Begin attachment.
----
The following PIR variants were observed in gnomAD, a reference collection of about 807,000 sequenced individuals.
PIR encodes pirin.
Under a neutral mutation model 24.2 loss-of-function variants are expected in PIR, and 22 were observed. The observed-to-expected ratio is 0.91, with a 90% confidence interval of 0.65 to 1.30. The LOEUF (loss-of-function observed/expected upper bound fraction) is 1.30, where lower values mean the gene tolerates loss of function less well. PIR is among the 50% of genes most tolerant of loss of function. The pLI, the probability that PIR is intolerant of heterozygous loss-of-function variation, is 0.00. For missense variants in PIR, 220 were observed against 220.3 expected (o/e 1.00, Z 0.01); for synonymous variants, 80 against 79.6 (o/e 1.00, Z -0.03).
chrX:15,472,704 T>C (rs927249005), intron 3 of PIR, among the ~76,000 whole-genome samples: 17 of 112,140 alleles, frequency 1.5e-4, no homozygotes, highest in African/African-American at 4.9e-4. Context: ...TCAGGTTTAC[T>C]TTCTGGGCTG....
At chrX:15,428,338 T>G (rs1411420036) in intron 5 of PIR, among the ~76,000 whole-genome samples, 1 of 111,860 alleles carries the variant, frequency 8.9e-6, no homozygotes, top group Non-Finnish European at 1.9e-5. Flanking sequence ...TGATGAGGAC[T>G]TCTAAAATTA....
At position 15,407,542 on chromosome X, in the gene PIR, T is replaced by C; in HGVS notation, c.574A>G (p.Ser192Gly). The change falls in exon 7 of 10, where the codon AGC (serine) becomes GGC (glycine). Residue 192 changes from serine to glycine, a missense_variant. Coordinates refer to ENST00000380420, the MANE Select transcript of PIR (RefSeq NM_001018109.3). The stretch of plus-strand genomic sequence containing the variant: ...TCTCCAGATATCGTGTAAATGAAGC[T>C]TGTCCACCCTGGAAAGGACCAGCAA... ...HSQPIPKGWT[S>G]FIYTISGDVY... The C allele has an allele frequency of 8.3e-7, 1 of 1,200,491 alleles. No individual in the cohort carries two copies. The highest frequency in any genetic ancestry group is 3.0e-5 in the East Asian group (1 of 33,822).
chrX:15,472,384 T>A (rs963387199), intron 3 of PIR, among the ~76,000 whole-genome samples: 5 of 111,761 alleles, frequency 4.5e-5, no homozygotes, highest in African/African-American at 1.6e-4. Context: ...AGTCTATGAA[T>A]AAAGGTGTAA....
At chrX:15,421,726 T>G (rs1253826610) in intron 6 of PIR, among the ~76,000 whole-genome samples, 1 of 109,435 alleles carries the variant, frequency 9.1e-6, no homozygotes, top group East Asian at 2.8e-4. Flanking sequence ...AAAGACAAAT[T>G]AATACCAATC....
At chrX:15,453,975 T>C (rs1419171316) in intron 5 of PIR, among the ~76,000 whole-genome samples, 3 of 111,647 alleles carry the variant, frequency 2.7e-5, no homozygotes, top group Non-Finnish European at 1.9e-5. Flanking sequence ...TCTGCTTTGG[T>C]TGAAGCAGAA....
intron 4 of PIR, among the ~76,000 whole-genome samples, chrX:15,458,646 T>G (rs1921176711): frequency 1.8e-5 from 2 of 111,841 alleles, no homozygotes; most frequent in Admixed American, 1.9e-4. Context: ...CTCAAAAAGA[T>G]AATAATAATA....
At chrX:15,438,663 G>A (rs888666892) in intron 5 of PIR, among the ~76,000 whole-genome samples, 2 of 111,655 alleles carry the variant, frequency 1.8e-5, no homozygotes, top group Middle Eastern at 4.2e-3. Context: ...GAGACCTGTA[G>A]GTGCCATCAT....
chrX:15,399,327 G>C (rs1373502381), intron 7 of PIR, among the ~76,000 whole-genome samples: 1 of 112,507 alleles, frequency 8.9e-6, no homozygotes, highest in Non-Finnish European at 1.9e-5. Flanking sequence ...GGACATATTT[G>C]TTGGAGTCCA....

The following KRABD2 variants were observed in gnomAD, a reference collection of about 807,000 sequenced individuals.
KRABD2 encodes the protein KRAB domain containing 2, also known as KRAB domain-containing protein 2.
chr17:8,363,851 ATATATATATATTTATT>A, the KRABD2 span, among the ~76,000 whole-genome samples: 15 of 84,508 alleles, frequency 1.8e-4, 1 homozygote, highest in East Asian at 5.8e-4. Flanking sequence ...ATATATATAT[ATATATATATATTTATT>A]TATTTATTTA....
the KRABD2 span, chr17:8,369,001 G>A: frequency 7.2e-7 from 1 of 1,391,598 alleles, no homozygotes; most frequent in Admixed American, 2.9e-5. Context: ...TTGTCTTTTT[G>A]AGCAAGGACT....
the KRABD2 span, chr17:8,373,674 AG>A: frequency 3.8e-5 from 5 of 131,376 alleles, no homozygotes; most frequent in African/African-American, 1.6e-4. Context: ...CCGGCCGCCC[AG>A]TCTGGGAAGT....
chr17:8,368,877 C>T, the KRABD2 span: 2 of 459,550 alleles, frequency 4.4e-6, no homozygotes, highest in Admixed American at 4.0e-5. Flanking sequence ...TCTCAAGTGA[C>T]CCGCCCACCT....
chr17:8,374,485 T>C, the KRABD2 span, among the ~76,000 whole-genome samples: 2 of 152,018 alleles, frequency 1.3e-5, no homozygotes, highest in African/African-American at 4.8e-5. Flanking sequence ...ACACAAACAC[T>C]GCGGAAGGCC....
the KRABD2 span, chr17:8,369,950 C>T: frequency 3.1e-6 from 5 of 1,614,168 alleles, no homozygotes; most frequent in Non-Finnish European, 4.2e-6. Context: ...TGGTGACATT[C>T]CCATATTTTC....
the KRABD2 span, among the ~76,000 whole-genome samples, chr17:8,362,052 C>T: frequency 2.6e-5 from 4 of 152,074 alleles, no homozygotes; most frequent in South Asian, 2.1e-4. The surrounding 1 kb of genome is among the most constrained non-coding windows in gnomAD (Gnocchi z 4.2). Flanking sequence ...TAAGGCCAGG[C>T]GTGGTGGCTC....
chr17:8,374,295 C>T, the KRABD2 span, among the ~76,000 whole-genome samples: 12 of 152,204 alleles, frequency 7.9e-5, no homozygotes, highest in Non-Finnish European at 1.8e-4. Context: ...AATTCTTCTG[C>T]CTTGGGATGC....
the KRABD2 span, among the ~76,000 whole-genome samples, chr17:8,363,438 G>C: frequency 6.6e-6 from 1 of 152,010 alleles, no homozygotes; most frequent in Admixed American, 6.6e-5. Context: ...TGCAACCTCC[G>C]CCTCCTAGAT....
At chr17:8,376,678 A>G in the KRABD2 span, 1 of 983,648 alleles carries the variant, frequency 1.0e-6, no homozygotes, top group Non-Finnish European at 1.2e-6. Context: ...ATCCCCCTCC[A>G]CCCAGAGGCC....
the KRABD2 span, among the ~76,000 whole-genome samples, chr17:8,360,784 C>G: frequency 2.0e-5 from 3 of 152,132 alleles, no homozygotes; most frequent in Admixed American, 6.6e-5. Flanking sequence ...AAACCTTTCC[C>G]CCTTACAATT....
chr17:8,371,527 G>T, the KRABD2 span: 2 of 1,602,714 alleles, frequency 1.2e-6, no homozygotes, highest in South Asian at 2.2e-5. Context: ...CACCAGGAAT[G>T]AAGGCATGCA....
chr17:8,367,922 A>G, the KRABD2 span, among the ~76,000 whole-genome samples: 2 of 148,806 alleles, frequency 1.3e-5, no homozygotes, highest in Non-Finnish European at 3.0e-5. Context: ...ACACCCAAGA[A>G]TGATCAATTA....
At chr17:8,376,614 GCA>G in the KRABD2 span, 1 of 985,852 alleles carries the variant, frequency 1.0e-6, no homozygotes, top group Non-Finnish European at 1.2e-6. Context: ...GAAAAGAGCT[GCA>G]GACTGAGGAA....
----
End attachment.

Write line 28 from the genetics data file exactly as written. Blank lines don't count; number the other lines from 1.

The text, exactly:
At chr17:8,376,614 GCA>G in the KRABD2 span, 1 of 985,852 alleles carries the variant, frequency 1.0e-6, no homozygotes, top group Non-Finnish European at 1.2e-6. Context: ...GAAAAGAGCT[GCA>G]GACTGAGGAA....